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"A Penny for Your Thoughts"

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Jeffrey Pflaum, blogger on BAM, is also hosting CREATIVELY SPEAKING on the network's new show, PULSE (category: "Classroom Innovation").  Please check out the 12-minute podcasts on creativity, creative thinking, EI, social-and-emotional learning, and more.


“A Penny for Your Thoughts”


Looking for a fun way to develop thinking skills and to discover the world of thoughts?  Try John Heywood’s saying, “A penny for your thoughts.”  That’s what I did with my students when I found my piggy bank overflowing with tons of pennies.


The lesson was simple: I explained the origins of the saying and how it was used.  For example, the idiom asks the question: “What are you thinking about right now?”  “What’s on your mind?”  “What are your thoughts?”  It is said to a person who is distracted, deep in thought, pensive, or anxious, and you want them to express what they’re thinking.  It might sound “cheap” that you offer so little for their thought(s), but a penny was worth a lot when the saying originated.  Your thought(s) were deemed valuable when a person threw out the quote to you to get at what was on your mind.


Next, I told the students: “I’m going to say, ’A penny for your thoughts,’ and you tell me what you’re thinking, what’s in your head, what thoughts are moving around inside.  The thoughts can be real or imagined.  Write them and let me know what’s happening.  Each time I repeat the phrase, you write a thought.  After finishing a few rounds of writing thoughts, I will ask you to read them out loud to the class.”


As a bonus, absurd motivation, I said: “If you read your thought out loud, you get a penny, so you get ‘a penny for your thought.’”  The novelty did not wear off through many repetitions of the quotation for my fifth grade students.  This was a “serious fun” activity (good for grades 3 to 6), and I did not mind getting rid of 100 or 200 pennies.  It was worth it in the end.


Note: Instead of writing their thoughts, you might want to make it an oral lesson, where children express their thoughts verbally.  Teacher calls out the quote and kids respond with their thoughts.  The purpose is to have them become aware of the thinking process and their thoughts.  I liked the writing aspect because it reinforced the skill, and now, forty years later, with the Internet and social media (Twitter), you might want students to write thoughts in the compressed manner of a 140-character tweet.  Also, if they are hesitant or a little anxious about reading their thoughts out loud, collect their papers and read them anonymously.  The following are samples of “penny-thoughts” my class rattled off during these lessons.


Sample Fifth Grade Students’ “Penny-Thoughts”

  • I was thinking it was 3:00 PM.  Time to go home.
  • I am mad because I went home for lunch and no one was there.  I went home for nothing.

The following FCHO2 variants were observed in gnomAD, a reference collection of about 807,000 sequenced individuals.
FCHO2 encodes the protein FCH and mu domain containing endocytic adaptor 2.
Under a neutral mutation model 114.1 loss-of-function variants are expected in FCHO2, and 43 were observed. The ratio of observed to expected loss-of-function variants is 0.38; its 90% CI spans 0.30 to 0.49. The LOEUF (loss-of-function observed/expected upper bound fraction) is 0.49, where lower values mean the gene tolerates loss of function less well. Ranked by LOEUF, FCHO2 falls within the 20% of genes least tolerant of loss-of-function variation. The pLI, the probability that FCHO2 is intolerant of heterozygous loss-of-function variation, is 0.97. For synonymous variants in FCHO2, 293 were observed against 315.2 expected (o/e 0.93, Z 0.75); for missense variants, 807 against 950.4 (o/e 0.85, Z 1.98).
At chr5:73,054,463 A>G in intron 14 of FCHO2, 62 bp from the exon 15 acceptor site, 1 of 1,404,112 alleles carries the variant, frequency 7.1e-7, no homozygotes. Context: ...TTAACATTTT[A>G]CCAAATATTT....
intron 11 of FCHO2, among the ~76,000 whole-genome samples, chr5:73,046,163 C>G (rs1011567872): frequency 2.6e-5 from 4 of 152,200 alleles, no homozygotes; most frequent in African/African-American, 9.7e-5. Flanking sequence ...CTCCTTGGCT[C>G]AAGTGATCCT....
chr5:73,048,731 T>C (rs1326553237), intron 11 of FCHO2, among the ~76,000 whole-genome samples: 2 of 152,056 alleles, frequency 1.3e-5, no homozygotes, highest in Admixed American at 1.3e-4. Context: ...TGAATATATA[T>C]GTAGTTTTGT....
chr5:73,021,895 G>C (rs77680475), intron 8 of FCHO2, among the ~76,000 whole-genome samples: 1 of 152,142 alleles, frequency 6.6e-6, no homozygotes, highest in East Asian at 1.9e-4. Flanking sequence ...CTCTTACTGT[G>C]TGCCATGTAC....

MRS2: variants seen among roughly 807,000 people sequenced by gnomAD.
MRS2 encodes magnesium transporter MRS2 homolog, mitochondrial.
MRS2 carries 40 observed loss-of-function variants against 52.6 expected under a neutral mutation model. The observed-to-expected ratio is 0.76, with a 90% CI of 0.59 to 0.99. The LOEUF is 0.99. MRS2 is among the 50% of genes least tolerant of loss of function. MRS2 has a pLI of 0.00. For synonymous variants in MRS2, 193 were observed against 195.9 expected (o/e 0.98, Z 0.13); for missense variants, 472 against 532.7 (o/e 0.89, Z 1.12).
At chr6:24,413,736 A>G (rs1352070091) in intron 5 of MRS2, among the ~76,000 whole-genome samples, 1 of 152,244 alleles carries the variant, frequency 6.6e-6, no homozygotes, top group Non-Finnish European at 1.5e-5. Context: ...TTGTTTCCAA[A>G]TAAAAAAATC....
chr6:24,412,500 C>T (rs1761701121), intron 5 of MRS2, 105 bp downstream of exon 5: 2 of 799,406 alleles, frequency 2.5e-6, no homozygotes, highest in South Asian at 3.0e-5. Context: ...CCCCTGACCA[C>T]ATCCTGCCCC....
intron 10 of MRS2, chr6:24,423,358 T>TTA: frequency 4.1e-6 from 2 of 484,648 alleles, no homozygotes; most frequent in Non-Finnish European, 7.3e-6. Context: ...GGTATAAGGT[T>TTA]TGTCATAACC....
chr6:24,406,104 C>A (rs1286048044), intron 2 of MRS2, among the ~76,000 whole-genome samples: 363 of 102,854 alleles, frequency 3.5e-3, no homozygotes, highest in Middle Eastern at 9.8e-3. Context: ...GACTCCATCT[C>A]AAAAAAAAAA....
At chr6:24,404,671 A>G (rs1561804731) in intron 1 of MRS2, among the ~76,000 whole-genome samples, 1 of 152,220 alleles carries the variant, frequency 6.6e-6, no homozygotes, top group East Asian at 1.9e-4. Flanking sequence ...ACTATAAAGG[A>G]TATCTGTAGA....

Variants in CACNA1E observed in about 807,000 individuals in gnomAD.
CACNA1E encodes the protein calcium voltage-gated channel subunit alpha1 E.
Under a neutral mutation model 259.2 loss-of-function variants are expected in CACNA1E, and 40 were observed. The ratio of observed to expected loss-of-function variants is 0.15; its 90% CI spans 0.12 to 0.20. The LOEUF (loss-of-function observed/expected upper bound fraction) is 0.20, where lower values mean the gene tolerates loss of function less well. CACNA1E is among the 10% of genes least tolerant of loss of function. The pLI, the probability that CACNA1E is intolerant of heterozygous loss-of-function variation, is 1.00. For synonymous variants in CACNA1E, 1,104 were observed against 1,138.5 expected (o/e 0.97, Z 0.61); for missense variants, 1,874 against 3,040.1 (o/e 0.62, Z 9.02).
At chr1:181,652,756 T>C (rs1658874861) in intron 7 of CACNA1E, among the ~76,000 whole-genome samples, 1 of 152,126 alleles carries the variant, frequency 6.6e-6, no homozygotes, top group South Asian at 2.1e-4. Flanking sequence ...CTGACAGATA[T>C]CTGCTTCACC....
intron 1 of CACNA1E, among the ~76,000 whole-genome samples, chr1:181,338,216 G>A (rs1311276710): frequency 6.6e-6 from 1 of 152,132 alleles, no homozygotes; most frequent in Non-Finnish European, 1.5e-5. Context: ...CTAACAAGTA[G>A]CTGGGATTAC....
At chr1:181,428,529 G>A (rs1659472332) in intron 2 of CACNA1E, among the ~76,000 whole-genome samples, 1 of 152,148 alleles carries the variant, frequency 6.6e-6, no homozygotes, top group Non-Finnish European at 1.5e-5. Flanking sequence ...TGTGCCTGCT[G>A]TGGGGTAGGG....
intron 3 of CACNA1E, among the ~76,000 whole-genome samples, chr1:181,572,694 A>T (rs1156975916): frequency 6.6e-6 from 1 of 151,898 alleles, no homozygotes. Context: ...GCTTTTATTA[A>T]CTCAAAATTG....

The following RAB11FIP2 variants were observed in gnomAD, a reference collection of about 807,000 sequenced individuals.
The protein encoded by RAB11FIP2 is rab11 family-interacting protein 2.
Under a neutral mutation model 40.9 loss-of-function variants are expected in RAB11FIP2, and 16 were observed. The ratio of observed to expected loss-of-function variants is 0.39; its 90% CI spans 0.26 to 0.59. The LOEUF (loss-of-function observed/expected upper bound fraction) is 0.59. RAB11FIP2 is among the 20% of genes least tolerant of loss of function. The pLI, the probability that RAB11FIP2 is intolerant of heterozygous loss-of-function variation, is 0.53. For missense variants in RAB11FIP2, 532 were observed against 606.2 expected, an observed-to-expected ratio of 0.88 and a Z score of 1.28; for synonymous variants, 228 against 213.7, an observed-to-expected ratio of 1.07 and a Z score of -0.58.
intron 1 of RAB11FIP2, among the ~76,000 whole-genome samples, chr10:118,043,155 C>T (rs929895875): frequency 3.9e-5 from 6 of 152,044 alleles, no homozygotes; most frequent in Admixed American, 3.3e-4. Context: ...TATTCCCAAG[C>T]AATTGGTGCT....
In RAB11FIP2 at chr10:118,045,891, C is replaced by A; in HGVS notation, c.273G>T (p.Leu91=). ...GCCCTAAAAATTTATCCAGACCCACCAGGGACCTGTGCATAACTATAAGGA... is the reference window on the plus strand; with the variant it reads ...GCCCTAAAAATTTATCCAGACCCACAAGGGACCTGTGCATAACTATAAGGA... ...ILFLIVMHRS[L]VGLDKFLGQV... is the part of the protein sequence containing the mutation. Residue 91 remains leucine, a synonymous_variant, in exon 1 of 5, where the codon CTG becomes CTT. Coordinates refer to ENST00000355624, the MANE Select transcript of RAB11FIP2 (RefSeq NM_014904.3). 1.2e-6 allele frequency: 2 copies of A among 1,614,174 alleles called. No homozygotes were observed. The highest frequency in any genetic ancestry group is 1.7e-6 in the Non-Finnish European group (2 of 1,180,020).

• I thought I was a big man walking home.  But I said to myself that I am not a big man.  I am a boy.  But every thought came up man, men, man.


  • While we were in music, a girl was crying because she did not want to do the work that they gave her.


  • I thought I was walking in the sky.  But while I was walking, somebody woke me up.  Iwas sad.  At night, when going to sleep, I dreamed I was in the sky.  It was beautiful and I felt happy.  I looked like an angel flying.


  • I had a very hard day.  I had a very bad ear ache.  I told the teacher about it.  He said I could go to the bathroom.  Maybe that would help.


  • When Marisol told me her uncle died I said I am sorry that he died.


  • Today is a very nice day.  I saw a large bird in my head.  It was I looking like an eagle.


  • I imagined that I was in a pool drowning and nobody was there to help me.  It was very quiet with no noise in the water.


  • My brother had a fight with a guy who had a knife.  I saw my brother with blood on him.


  • I thought the teacher was going to take us on a trip, but he didn’t.  I felt sad.


  • I imagined Ralph got out of the class and all the girls were happy because he is a pain.


  • My best, best friends are Arthur and Miguel and I want it to be that way because they are like brothers and we always play games like dodge together.


The pennies were flying—I tossed them softly at the kids—and so were the thoughts.  Call out “A penny for your thoughts” and let children respond with their thoughts, first in writing, and then by reading them out loud.  Repeat the quote five to ten times.  Give them a minute or two to write.  After completing several rounds, kids read their responses orally.  It is a motivational lesson to get them thinking, to stir their minds and creative imaginations, in simple terms, to have a fun “thinking party,” while at the same time, show kids there can be entertainment and pleasure in this demanding skill.